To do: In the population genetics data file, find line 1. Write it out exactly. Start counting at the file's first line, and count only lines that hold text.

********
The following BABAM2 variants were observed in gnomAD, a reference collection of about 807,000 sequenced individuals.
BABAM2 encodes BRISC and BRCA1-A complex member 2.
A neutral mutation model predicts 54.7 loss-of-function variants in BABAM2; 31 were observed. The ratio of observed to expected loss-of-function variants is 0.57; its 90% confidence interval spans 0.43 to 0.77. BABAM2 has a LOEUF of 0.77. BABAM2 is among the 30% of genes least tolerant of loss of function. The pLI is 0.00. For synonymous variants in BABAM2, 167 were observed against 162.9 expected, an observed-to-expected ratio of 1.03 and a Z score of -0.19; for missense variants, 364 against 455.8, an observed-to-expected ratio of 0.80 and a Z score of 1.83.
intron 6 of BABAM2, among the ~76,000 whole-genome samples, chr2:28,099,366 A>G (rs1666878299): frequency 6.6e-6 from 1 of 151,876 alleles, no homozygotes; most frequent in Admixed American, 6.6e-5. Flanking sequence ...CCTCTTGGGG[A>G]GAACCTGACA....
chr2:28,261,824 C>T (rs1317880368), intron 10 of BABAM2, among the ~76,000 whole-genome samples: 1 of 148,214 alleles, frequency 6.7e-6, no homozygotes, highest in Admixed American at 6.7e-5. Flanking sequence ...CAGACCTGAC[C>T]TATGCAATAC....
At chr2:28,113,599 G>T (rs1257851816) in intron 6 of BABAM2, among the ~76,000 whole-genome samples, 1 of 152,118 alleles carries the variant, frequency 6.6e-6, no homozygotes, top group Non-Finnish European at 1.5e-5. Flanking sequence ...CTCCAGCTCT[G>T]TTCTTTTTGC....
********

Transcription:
The following BABAM2 variants were observed in gnomAD, a reference collection of about 807,000 sequenced individuals.